Business Halacha: Merchandise Loans


merchandise-loanQ: Under what circumstances are merchandise loans permitted?

A: We mentioned last week that Chazal prohibited merchandise loans unless they are based on the cash value, lest the price of the merchandise rise before repaying the merchandise. This is called se’ah b’se’ah (a measure for a measure).

Nonetheless, Chazal allowed three exceptions to this prohibition, which cover many of the common cases.

  1. Yesh lo (he has): If the borrower has even a small amount of the merchandise in stock, he may borrow more of that merchandise. It is even permissible for the lender to give or sell the borrower a little bit of the merchandise, in order to allow borrowing a large quantity. (Y.D. 162:2)
  2. Yatza ha’shaar (there is a stable price in the market): If the item is readily available at a fixed, stable price, it is permissible to borrow (e.g. postage stamps or, possibly, produce after the season is well under way). (162:3; The Laws of Ribbis 14:11)
  3. Davar mu’at (small amount): It is permissible to borrow a small amount of food from neighbors, since the potential price discrepancy is generally insignificant and neighbors do not care. (Rama 162:1; Mishna Berurah 450:2)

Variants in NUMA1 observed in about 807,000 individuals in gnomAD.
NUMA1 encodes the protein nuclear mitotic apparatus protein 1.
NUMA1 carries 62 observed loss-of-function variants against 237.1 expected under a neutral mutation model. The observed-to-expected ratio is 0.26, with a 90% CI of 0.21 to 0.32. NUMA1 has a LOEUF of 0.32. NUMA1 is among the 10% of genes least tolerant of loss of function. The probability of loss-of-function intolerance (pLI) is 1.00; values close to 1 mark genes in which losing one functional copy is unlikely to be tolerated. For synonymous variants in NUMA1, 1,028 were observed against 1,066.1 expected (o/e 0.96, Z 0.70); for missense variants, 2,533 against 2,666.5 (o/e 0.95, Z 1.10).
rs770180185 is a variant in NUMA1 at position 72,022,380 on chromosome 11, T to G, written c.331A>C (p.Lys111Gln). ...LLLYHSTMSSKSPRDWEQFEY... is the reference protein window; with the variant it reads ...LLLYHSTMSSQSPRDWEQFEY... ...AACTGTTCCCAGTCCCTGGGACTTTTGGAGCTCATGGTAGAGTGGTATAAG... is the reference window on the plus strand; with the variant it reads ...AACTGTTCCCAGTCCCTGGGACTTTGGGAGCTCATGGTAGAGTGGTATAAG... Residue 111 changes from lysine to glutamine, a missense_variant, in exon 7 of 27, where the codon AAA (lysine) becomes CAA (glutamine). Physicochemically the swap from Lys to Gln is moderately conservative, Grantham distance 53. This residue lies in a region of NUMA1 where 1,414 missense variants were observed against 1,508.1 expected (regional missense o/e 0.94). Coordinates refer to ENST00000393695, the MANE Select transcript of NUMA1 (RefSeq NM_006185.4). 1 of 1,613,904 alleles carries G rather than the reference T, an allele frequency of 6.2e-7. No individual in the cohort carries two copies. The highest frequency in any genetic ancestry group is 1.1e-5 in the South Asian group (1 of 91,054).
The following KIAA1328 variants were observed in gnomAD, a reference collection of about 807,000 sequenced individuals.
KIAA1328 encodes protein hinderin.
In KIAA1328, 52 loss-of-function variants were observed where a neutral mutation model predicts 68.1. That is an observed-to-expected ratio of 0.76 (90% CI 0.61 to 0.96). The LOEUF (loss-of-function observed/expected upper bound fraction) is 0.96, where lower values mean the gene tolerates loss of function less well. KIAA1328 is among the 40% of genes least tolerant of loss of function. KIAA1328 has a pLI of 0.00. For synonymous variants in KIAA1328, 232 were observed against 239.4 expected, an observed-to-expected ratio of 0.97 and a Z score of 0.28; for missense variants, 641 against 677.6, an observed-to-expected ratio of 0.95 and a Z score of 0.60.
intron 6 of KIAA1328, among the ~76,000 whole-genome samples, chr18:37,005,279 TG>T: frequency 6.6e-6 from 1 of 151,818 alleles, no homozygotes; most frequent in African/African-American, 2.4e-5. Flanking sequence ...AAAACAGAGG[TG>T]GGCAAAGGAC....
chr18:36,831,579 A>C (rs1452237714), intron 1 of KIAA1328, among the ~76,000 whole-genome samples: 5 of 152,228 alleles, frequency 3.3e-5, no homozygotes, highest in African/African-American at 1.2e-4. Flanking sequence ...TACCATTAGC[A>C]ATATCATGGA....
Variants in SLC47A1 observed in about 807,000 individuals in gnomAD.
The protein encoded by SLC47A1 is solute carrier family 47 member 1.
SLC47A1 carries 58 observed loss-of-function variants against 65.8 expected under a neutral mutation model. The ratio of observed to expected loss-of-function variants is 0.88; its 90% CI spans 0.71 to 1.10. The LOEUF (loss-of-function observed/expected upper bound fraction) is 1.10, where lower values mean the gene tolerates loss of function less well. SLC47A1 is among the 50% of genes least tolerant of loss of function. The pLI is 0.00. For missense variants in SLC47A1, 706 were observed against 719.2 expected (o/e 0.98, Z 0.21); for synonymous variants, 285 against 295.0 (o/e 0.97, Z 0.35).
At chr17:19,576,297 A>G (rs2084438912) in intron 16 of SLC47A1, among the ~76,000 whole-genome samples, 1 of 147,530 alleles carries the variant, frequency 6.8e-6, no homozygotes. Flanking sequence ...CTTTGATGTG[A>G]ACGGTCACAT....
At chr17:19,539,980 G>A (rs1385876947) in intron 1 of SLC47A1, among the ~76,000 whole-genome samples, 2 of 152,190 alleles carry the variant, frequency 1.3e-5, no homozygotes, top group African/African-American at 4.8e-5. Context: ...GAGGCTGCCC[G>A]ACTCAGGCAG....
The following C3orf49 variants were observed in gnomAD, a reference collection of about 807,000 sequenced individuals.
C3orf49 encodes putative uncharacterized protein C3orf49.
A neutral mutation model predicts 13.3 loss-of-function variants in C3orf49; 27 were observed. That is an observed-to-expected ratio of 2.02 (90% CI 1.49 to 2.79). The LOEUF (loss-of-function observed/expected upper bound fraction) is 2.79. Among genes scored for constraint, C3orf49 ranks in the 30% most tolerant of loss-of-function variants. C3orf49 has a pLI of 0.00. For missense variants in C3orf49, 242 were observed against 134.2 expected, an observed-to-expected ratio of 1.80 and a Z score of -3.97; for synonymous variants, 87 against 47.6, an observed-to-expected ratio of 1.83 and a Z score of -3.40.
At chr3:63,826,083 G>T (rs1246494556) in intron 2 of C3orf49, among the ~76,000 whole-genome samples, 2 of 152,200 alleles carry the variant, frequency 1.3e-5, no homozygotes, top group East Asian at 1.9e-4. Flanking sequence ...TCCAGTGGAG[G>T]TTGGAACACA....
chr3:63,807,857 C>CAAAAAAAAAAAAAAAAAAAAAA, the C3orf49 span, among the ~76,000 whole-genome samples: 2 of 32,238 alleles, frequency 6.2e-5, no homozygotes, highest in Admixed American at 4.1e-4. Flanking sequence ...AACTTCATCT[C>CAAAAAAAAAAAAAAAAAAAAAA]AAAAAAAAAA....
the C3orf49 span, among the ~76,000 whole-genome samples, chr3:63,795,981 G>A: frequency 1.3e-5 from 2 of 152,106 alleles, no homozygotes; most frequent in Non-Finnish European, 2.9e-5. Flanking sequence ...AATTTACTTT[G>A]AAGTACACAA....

These laws are also relevant for borrowing foreign currency, as we will discuss next week, IY”H.

Authores by Rabbi Meir Orlian

These articles are for learning purposes only and cannot be used for final halachic decision. The Business Halacha email is a project of Business Halacha Institute ( and is under the auspices of Rav Chaim Kohn.

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  1. It is usually no problem because the Courtesy Car is only used for a short time and when returned, is usually the same cash value as when it was borrowed. As far as the gas is concerned, it is a major world war amongst Poskim if the gas is considered a component of the car just like the steering wheel and there is no problem returning “new” gas or if the gas is a new item and Seah B’seah might come into play. Most Poskim say that gas has a stable price (at least weekly, and in Israel, usually for months at a time) so the heter of Yatza Hasha’ar bails you out. However, one should be very careful to note the gas guage so as not to return (even for a Rental car from a Jewish owned company) a full tank when receiving a 1/2 tank because the extra gas is Ribis Ketzutza and must be returned.
    This issue can also apply to engine oil, windshield wiper fluid, etc. as well as pens (though it is a Davar Mu’at unless the person is Mapkid) and pencils.
    Consult your Rov when conducting any business that may seem to be a loan or borrowing.

  2. How about of buying something bofore shabbos and using it during shabos and then returning it. Is that Miter or not or is that a chilel hashem

  3. It is Ossur for one to purchase an item from a store with the intention to use it and then return it. This is because the store owner is selling you the item with the intention that it is only returnable if you really have a good reason. You are stealing from him by essentially “renting” the item for free.
    It is unfortunate that this happens and that Jewish stores have to put up big no return signs around Yom Tov time when some might actually have a valid reason to return something.


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